“There was no pity party for me,” said David. “He had some wonderful coaches and mentors and this was a way for him to be around his peers,” said his mom. “And if someone from the outside stuck their nose in where it didn’t’ belong, Taylor was there,” added his dad. Throughout childhood the boys enjoyed fishing trips to Canada and later David served as the best man at Taylor’s wedding. Taylor and his wife now live in Baltimore and have two children – one named “Henry David” – after Taylor’s twin brother. Through a previous marriage, Gary has an older daughter Laura Davis who is also married with two children.

David’s first transplant lasted 17 years. He remained in the care of nephrologist Dr. Asif Sharfuddin. He graduated from Danville High School in December and on Feb. 7, 2007 under the care of Dr. Goggins, he received his second transplant from his mother. After his recovery, David attended Vincennes University to study mortuary science. Since a very young age, when he helped a neighbor plan a sacred burial of a pet hamster, David had an interest in funeral planning. Ron Randolph emerged as a mentor and hired David to work at Weaver & Randolph Funeral Home in Danville. He also works part time at Crown Hill Cemetery.

“I like serving others,” said David. “I feel like I’m giving back to the community.”

His second kidney remained strong until July 29, 2019 when he went into end stage renal failure and began hemodialysis a month later. As he began preparing for a third donor, both his brother his sister Laura Davis were tested as a match.

David’s parents describe the decision of which sibling would be the transplant donor as a sort of “arm wrestling match.” Both parents and siblings were eager to become his donor. A recent family photo shows all five of them wearing black t-shirts made by Davis. Green lettering identified donor 1 (his dad) and the date, donor 2 (his mom) and the date and donor 3 (his sister) and the date. David’s t-shirt reads: “Kidney thief. I have 5 kidneys but 4 are decoys. His brother’s t-shirt reads: “Donor 4 on deck.” The back of the t-shirts read: “Keeping it all in the family.”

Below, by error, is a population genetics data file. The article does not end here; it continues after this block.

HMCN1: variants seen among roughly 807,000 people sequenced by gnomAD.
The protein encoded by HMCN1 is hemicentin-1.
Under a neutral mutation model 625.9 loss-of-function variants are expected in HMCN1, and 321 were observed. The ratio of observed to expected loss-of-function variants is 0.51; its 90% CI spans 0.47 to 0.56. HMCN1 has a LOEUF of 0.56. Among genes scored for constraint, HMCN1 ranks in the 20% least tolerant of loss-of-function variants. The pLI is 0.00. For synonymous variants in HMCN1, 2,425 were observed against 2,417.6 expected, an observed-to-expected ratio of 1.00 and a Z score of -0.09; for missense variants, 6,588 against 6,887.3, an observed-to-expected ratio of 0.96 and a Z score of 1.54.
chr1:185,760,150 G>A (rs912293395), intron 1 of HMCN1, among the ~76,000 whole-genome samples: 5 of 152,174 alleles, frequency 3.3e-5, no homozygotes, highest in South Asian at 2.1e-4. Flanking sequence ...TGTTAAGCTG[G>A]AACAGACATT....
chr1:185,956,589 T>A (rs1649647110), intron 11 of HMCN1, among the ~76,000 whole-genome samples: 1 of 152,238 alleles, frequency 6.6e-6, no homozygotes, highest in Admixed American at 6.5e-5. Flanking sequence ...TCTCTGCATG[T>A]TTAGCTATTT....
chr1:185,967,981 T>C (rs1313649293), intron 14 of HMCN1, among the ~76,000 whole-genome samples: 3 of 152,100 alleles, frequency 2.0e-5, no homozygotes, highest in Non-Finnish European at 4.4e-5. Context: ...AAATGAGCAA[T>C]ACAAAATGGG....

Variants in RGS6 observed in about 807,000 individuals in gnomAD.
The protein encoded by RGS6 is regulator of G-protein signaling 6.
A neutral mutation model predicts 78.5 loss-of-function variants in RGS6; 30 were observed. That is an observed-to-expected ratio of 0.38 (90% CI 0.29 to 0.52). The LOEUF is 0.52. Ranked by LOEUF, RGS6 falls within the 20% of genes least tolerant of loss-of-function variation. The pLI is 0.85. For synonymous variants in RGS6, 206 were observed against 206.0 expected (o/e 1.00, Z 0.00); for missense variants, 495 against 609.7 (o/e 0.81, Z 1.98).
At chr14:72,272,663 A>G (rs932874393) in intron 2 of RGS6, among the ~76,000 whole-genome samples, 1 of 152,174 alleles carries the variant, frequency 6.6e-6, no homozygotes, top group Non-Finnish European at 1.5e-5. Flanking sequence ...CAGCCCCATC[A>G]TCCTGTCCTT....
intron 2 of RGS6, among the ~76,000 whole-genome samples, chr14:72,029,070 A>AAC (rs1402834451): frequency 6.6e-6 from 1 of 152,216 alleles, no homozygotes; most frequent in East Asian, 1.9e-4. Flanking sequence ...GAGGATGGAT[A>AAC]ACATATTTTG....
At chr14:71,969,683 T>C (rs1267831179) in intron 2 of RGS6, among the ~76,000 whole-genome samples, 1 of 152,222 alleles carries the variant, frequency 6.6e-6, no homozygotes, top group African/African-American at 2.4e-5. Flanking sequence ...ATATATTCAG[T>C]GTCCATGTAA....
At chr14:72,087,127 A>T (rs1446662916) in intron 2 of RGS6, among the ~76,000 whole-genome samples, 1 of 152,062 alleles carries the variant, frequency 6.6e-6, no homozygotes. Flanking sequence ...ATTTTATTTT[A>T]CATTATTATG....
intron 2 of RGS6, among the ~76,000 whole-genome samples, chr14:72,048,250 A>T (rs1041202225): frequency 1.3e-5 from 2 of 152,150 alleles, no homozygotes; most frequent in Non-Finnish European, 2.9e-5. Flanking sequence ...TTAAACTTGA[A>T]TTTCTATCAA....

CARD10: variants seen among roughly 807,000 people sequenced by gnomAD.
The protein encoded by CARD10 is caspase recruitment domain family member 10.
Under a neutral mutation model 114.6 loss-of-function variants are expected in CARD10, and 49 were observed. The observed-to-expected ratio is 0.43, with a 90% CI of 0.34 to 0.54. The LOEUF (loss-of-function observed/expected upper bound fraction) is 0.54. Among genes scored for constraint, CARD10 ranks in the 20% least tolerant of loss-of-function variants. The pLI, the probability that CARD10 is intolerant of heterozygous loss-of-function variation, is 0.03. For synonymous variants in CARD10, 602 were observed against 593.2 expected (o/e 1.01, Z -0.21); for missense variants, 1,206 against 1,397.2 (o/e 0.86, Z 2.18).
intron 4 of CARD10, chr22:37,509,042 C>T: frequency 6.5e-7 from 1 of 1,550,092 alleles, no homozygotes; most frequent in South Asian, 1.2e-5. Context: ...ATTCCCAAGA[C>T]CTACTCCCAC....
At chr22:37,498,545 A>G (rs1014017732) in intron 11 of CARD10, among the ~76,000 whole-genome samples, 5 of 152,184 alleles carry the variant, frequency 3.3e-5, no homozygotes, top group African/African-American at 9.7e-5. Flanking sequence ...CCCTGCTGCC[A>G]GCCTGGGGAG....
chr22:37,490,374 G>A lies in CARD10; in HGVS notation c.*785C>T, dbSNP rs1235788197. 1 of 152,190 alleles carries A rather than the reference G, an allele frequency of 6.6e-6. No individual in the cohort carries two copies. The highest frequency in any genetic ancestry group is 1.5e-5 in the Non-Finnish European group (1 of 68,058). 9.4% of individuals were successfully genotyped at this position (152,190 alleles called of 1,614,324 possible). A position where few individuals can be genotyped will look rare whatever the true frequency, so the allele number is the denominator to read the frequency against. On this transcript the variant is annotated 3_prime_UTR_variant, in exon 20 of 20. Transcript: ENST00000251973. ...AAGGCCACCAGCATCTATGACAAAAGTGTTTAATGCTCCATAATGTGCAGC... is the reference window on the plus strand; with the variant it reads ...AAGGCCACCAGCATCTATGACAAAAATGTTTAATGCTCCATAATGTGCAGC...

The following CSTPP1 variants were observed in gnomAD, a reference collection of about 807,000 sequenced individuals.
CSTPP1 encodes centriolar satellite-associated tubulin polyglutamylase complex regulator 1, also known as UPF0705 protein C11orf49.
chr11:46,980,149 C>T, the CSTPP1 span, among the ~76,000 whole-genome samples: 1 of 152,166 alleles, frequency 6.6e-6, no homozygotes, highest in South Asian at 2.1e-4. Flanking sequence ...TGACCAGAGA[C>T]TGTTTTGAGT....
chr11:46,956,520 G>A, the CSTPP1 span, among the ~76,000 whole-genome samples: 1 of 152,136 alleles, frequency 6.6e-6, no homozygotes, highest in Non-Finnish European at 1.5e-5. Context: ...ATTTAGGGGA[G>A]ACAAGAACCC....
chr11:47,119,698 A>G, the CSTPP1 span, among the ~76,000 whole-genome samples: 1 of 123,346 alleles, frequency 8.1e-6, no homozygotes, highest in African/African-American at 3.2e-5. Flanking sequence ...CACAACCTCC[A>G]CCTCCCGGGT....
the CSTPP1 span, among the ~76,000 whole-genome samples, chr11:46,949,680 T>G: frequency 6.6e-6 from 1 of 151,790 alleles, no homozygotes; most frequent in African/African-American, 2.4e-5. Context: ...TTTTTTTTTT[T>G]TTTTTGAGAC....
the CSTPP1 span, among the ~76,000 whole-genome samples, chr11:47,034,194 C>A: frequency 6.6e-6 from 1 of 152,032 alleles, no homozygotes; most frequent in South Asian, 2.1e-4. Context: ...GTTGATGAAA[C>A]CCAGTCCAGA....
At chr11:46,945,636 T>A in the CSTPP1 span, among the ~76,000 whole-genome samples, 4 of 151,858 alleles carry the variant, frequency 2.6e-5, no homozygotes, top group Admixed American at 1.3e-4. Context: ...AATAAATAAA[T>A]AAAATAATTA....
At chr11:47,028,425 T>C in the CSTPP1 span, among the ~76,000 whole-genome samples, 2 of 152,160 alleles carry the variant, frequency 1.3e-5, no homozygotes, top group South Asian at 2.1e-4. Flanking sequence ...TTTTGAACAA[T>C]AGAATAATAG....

To Davis becoming a living donor was simple. “My brother needed a kidney. In my mind, anyone would do that for a sibling or family member.” She remembers clearly David’s first two transplants and decided early on that if he ever needed a third she would be tested. In a social media post she wrote: “This has been a whirlwind of emotions however, the real hero in this story is David, being dealt the hand of life he was given, going through now his third kidney transplant, multiple other surgeries, periods of dialysis, daily amounts of medications, daily struggles and never giving up.”

As Davis was wheeled into one operating room, David was wheeled into another. He said he felt a calm come over him. “It’s like a second home here and I can’t say enough about Dr. Goggins, and my post transplant coordinator Mary Taber. They’ve been fantastic and make me feel safe and calm,” said David. And as he came out of surgery, his twin brother was there holding his hand and calling him a “hero.”

His entire family – parents, siblings, nieces and nephews waited through the lengthy surgery and offered support.

“It’s like God gave us a front row seat in watching a miracle,” said his father.